You would not be reading this if a group of scientists hadn't come up with a way to link computers around the world, almost 46 years ago. It might be surprising that the Internet is that old, but it is not to be confused with the World Wide Web - that was invented in 1989 by Sir Tim Berners-Lee to bring all the contents of the world to the tips of our fingers. The Web is basically the software that allows us to use the Internet, the de facto technology that completely changed the world.
As of September 2014, there were over one billion websites on the Internet - although not all of them are still active. You know that blog you had in the ides of 2001? It's probably still floating around in the black hole of cyberspace.
As pervasive as it is, around 60% of the world's population still doesn't have access to the Internet: there were 3 billion people online by the end of 2014. That's why Facebook CEO Mark Zuckerberg launched the internet.org initiative, to "bring the next" few billion people to cyberspace.
It's certainly something the original creators didn't anticipate in 1969, when they successfully connected a network between UCLA and the Stanford Research Institute. The ARPANET project, as it was called, was funded by the U.S. Department of Defence, after America was beaten to space by the Soviets. But after that afternoon in 1969, progress was very slow, with only 213 computers plugged into the network 12 years later.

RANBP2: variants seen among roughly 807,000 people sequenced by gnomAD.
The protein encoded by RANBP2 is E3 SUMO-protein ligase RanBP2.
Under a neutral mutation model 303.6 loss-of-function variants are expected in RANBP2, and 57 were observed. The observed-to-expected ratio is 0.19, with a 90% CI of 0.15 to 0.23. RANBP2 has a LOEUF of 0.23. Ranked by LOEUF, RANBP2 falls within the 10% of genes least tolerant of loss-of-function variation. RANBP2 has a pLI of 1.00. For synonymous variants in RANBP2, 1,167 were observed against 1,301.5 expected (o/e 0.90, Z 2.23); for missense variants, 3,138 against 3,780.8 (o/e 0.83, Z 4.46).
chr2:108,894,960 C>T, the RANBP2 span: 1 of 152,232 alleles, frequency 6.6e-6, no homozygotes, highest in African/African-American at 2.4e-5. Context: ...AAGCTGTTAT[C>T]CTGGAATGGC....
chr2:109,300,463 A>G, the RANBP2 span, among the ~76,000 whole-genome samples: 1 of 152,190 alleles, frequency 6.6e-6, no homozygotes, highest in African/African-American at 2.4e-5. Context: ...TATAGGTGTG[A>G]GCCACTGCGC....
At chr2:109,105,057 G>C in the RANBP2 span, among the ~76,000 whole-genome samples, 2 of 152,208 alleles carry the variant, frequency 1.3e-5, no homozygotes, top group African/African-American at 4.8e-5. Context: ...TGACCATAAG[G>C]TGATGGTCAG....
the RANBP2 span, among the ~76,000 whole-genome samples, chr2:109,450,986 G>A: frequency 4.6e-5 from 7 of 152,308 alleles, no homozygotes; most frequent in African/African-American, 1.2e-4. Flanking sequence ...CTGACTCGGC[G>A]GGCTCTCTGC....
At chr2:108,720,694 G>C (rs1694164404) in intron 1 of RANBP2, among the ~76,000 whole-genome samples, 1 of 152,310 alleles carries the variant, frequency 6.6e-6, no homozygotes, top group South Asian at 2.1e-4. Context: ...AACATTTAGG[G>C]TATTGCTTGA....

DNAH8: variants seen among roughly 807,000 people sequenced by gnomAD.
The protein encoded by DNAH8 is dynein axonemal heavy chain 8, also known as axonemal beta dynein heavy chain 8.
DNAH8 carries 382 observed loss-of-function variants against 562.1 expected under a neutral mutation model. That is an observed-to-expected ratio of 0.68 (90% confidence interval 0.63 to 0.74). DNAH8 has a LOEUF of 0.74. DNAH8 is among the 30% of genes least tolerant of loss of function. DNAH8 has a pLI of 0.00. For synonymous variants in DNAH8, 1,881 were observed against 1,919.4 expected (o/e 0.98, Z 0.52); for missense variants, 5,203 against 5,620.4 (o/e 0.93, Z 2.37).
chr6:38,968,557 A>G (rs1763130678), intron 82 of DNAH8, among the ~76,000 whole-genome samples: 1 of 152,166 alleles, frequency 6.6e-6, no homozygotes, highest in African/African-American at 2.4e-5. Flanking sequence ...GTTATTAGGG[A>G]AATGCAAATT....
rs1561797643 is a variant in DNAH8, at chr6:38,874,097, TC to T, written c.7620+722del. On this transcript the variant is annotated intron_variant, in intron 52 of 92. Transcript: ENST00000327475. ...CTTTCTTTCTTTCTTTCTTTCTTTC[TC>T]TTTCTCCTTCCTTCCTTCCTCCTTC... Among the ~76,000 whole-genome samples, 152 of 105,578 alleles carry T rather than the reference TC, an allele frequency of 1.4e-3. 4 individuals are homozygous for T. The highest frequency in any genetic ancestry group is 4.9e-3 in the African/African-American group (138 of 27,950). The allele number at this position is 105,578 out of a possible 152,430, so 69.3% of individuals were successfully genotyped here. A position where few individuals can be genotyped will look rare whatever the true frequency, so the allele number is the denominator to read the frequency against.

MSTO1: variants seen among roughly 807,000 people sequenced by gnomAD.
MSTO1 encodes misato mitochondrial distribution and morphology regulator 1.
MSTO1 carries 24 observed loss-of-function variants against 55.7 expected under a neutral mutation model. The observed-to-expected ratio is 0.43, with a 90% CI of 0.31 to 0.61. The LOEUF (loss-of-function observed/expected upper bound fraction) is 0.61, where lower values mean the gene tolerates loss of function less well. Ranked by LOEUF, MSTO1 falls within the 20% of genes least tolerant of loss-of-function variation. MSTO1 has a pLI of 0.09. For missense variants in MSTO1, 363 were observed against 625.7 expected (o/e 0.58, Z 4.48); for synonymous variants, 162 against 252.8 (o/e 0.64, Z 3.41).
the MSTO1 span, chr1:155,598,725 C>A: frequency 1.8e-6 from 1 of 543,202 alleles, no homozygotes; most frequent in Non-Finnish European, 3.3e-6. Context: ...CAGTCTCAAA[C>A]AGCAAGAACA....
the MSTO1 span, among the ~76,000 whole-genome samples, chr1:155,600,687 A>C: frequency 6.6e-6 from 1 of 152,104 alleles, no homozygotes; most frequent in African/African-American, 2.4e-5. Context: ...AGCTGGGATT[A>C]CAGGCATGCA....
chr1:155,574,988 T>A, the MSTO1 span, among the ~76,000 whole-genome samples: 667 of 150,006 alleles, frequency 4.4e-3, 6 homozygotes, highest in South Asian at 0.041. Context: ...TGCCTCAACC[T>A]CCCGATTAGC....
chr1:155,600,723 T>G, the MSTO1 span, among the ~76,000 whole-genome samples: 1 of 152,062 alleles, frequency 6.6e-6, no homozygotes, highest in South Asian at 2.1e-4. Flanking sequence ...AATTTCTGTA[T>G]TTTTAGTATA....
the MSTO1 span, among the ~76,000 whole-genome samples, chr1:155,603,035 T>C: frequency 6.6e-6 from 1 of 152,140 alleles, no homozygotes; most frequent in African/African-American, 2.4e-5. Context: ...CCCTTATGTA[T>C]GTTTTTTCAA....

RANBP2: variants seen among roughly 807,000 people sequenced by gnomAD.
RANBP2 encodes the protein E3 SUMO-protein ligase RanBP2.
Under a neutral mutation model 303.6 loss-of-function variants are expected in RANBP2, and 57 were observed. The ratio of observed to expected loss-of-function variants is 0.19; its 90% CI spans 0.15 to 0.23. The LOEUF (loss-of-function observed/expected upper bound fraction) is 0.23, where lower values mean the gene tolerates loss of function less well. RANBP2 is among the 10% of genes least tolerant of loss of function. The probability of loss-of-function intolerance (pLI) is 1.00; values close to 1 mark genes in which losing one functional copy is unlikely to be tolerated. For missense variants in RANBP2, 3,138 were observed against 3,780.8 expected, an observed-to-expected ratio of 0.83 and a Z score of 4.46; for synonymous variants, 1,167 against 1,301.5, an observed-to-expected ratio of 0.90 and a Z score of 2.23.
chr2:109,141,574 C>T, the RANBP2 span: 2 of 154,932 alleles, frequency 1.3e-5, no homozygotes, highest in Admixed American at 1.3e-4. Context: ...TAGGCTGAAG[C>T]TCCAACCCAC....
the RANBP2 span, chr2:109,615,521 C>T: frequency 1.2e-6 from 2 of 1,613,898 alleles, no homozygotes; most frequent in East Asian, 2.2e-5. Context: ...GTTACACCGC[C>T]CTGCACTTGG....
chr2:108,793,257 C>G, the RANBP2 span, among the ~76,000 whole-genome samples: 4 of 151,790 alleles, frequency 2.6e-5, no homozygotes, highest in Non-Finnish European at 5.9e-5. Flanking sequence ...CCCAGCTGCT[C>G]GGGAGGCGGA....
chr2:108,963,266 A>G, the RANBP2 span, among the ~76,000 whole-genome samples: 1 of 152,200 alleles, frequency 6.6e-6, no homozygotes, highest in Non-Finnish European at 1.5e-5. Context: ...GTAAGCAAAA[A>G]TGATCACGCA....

It was the precursor of today's Internet, which was kickstarted in the nineties, when services like America On Line (AOL) and CompuServe were all the rage. The first web browser was Nexus, developed by Berners-Lee himself. Users had dial-up connections (which would block the fixed phone line) and speed was extremely slow. There was no such thing as Google, so it was much harder finding things online. By 1995, there were 16 million people online and AOL made the phrase "You've got mail" omnipresent in the nineties (remember the Meg Ryan and Tom Hanks movie?), but Hotmail became the first free email service widely used, in 1996.
The Internet's popularity paved the way for the 'dot-com bubble', with thousands of internet startups, and by the end of the nineties online-based companies were soaring on Wall Street. The bubble burst in 2000, but it didn't kill the buzz. In 2004, when Google went public, the instant success made millionaires out of 1,000 employees. And as of today, the most used social network in the world, Facebook, has 1,39 billion monthly active users. It's the world third largest "country."